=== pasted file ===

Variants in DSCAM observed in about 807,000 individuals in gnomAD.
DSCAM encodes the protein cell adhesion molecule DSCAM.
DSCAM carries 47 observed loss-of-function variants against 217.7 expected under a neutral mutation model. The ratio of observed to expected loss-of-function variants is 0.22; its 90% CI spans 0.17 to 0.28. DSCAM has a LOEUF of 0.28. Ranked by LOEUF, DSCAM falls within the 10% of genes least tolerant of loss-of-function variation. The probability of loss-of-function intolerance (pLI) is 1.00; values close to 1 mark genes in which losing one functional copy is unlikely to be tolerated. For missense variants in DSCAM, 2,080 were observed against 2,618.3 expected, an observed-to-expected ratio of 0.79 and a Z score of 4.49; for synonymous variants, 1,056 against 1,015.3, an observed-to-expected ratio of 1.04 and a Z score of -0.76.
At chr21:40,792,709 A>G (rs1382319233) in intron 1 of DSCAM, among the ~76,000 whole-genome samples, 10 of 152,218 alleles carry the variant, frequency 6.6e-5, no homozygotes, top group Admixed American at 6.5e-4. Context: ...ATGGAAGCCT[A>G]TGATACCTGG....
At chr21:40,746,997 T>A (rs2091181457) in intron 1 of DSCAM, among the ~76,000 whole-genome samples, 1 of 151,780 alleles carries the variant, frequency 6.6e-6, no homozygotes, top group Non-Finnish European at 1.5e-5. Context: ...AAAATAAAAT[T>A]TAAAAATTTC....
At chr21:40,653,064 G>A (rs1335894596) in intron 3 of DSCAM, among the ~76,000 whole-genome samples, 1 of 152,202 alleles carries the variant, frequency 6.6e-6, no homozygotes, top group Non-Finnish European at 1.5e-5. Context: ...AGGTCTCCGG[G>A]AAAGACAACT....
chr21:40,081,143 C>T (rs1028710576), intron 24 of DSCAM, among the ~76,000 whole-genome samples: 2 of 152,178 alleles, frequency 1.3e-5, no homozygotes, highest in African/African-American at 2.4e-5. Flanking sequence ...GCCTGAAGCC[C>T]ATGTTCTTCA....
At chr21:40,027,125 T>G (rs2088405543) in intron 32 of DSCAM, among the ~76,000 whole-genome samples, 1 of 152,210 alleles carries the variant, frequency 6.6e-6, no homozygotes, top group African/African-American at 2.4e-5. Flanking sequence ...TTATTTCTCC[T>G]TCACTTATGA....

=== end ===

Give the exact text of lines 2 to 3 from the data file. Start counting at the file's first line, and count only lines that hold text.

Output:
DSCAM encodes the protein cell adhesion molecule DSCAM.
DSCAM carries 47 observed loss-of-function variants against 217.7 expected under a neutral mutation model. The ratio of observed to expected loss-of-function variants is 0.22; its 90% CI spans 0.17 to 0.28. DSCAM has a LOEUF of 0.28. Ranked by LOEUF, DSCAM falls within the 10% of genes least tolerant of loss-of-function variation. The probability of loss-of-function intolerance (pLI) is 1.00; values close to 1 mark genes in which losing one functional copy is unlikely to be tolerated. For missense variants in DSCAM, 2,080 were observed against 2,618.3 expected, an observed-to-expected ratio of 0.79 and a Z score of 4.49; for synonymous variants, 1,056 against 1,015.3, an observed-to-expected ratio of 1.04 and a Z score of -0.76.